Cantabrian cave art is familiar from photographs reproduced in textbooks, but these two-dimensional images do not capture the irregularities of the rock surfaces on which animals and other designs were painted or engraved. Here, the authors use stereoscopic photography to review the parietal art of La Pasiega cave. By documenting the uneven surfaces of the cave's walls alongside painted and engraved marks, they identify new animal figures and reinterpret others, previously thought to be partial representations, as complete. The results show the positioning of animal figures to make use of concave/convex surfaces and rock edges to define the outlines of animals, reinforcing the need to record and interpret cave art three-dimensionally.
During the Neolithic and Bronze Age, goods and ideas moved between Central Asia and the Chinese Central Plain via north-western China. While the crops, animals and technologies exchanged are well documented, the local and social bases of these interactions are poorly known. Here, the authors use petrographic analysis of ceramic sherds from Gansu Province, China, to document the local production of pottery vessels and their circulation between sites. Individual vessel forms are associated with multiple paste recipes indicating the production of similar products by different communities of practice. It is argued the circulation of these vessels forged inter-community relationships. In aggregate, these local networks underpinned longer-distance exchange between Central and East Asia.
A 3D reconstruction of the principia at Novae (Bulgaria) allows modelling of the inscribed statues, altars and building stones as they used to look. By restoring the inscribed monuments to their original contexts, the model means that Roman military religiosity and its messages can be analysed in the legionary headquarters.
Praia Melão, the largest sugar mill and estate in São Tomé, active from the sixteenth to the nineteenth centuries, is the first archaeological site ever investigated on the island. It embodies the inception of the plantation economic system predicated on the labour of enslaved people and of local resistance.
Cyril Fox's publication The archaeology of the Cambridge region (1923) is celebrated as a milestone in the development of landscape archaeology. Its centenary invites reflection on Fox's approach to landscape and on the development of knowledge about the archaeology of the Cambridge region over the intervening years. Here, the authors compare the evidence available to Fox with the results of three decades of development-led archaeology. The latter have revealed very high numbers of sites, with dense ‘packing’ of settlements in all areas of the landscape; the transformation in knowledge of clayland areas is particularly striking. These high-density pasts have far-reaching implications for the understanding of later prehistoric and Roman-period land-use and social relations.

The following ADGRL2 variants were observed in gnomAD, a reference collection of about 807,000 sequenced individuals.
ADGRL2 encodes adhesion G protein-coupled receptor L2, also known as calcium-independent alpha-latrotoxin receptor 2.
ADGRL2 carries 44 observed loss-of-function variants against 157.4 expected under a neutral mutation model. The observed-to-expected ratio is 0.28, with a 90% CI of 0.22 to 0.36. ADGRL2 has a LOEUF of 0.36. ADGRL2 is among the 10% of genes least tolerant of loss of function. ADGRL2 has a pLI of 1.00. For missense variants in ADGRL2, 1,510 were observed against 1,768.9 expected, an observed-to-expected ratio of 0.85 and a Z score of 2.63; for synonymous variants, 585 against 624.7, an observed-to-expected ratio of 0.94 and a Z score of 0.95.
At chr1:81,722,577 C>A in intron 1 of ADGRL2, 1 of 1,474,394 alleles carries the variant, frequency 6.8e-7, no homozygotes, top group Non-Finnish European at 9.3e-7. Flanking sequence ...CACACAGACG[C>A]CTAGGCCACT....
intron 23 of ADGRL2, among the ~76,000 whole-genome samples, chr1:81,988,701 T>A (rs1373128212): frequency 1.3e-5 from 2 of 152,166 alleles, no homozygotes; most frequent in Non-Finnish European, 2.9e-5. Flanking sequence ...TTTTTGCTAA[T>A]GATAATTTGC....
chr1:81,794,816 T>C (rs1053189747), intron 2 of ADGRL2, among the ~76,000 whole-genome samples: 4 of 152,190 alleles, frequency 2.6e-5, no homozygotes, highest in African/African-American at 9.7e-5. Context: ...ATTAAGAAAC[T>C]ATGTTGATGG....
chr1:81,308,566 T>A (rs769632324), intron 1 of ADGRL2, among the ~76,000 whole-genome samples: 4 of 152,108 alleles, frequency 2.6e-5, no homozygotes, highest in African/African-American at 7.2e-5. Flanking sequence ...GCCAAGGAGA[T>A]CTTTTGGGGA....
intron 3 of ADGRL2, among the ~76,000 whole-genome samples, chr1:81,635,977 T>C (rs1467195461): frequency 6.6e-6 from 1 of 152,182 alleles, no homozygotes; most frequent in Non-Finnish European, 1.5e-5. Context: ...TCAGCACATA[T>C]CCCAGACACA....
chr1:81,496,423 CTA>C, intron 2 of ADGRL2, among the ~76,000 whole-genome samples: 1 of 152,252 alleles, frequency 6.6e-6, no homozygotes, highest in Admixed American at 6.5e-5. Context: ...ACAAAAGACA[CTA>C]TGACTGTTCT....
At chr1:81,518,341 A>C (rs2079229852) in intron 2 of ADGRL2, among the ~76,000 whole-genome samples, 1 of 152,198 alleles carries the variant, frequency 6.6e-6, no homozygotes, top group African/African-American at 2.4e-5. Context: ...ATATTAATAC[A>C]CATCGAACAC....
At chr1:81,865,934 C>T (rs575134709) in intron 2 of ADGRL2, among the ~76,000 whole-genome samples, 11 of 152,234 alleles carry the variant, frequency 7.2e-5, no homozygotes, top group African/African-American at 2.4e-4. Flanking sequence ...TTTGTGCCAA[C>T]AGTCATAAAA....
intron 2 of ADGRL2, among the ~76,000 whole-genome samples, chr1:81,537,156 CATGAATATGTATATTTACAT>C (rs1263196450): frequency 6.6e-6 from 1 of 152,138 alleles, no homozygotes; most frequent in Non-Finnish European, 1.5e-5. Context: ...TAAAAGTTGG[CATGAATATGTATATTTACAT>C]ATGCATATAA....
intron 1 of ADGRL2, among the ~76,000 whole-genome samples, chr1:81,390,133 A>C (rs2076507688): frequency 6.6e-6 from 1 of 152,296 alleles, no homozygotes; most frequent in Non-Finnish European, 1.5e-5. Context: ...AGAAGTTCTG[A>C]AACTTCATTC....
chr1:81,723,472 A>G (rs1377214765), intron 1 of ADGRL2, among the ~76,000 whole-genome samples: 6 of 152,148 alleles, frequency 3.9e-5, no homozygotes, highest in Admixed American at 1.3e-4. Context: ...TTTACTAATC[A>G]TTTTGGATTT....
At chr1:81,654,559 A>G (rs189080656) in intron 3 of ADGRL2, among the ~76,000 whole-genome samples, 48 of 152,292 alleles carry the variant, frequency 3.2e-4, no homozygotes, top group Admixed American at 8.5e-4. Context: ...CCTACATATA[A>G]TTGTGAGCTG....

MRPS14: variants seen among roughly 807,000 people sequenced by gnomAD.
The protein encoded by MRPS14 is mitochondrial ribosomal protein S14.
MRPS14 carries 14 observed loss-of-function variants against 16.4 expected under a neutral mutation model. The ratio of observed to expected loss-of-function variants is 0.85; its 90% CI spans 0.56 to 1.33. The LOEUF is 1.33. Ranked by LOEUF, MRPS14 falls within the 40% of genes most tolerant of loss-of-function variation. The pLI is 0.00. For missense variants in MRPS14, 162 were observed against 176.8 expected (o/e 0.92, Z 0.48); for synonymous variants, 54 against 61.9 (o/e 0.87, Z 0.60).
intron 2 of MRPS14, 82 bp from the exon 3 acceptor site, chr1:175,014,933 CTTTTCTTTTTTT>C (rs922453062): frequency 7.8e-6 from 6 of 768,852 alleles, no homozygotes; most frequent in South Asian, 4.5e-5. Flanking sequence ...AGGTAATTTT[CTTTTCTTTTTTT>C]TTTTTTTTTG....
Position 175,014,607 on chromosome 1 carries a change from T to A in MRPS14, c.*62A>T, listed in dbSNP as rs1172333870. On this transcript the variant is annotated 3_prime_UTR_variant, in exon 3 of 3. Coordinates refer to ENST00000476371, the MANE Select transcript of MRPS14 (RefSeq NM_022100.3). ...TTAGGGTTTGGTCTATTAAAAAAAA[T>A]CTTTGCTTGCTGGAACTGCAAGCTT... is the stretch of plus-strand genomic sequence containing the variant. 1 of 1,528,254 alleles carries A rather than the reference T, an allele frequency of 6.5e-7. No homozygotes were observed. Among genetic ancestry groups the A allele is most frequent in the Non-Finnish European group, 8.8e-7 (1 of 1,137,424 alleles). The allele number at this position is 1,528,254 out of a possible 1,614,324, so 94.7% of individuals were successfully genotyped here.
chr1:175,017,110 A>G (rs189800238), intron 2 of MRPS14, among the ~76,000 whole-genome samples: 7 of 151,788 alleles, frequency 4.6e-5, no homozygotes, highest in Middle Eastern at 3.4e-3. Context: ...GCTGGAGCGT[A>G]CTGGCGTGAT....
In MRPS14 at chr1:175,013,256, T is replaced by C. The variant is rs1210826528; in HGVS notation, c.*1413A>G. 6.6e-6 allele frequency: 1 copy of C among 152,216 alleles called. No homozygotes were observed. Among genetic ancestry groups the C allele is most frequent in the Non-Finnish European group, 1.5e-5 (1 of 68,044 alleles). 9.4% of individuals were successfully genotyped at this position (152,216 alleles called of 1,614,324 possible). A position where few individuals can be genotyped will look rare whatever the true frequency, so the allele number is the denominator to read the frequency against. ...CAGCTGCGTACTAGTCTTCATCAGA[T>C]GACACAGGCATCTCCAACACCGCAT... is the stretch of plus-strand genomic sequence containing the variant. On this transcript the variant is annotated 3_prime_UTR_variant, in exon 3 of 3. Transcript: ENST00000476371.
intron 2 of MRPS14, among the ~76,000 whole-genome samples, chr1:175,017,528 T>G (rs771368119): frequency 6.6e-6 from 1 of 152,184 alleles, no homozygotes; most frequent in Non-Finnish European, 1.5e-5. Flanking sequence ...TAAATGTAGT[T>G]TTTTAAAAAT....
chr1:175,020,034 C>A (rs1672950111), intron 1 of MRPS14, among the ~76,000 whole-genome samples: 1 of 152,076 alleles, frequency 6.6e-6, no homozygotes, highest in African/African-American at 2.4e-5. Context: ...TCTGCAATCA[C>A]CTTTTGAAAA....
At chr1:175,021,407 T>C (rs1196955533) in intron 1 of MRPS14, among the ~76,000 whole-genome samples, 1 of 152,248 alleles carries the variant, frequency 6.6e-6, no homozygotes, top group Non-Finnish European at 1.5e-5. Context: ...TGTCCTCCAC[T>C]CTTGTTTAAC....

How did the Roman Empire supply and maintain its frontier garrisons? What was the impact on populations and landscapes of conquered territories? The Feeding the Roman Army in Britain project will answer these questions by establishing how soldiers were provisioned and how frontiers operated as economic as well as militarised zones.
These two handsome volumes stem from the landmark exhibition ‘Idolos: Miradas Milenarias/Ídolos: Olhares Milenares’ (Idols: Millenary Gazes), which assembled an impressive collection of figurines and decorated artefacts from Neolithic and Copper Age Iberia. A total of 270 archaeological artefacts from 27 museums (plus one private collector) were displayed together for the first time, with the aim of bringing current understanding of these artefacts and the communities that made and used them to the general public (statistics can be found here: https://www.museunacionalarqueologia.gov.pt/?p=8813). The exhibition was an ambitious project and initially sparked by conversations between Jorge Soler, Head of Exhibitions at the Archaeological Museum of Alicante (MARQ) and Enrique Baquedano, Director of the Regional Archaeological Museum of Madrid (MAR)—both award-winning museums—and later joined by Primitiva Bueno, Professor at the University of Alcalá de Henares, a leading expert in late prehistoric art in Iberia and António Carvalho, Director of the National Museum of Archaeology of Portugal (NMA). The international exhibition travelled between Alicante (January to July 2020), Madrid (July 2020 to January 2021) and Lisbon (April to October 2021) and was well attended despite subsequent COVID-19 lockdowns (e.g. the exhibition at the MARQ had 29 000 in-person and 60 000 virtual visitors). If you did not have the chance to visit the exhibition, you can still take the NMA virtual tour here: https://my.matterport.com/show/?m=vd8nAmTpg85&play=1&title=1&ts=3&help=0, or here: https://mpembed.com/show/?m=r1G1HjKBeDT.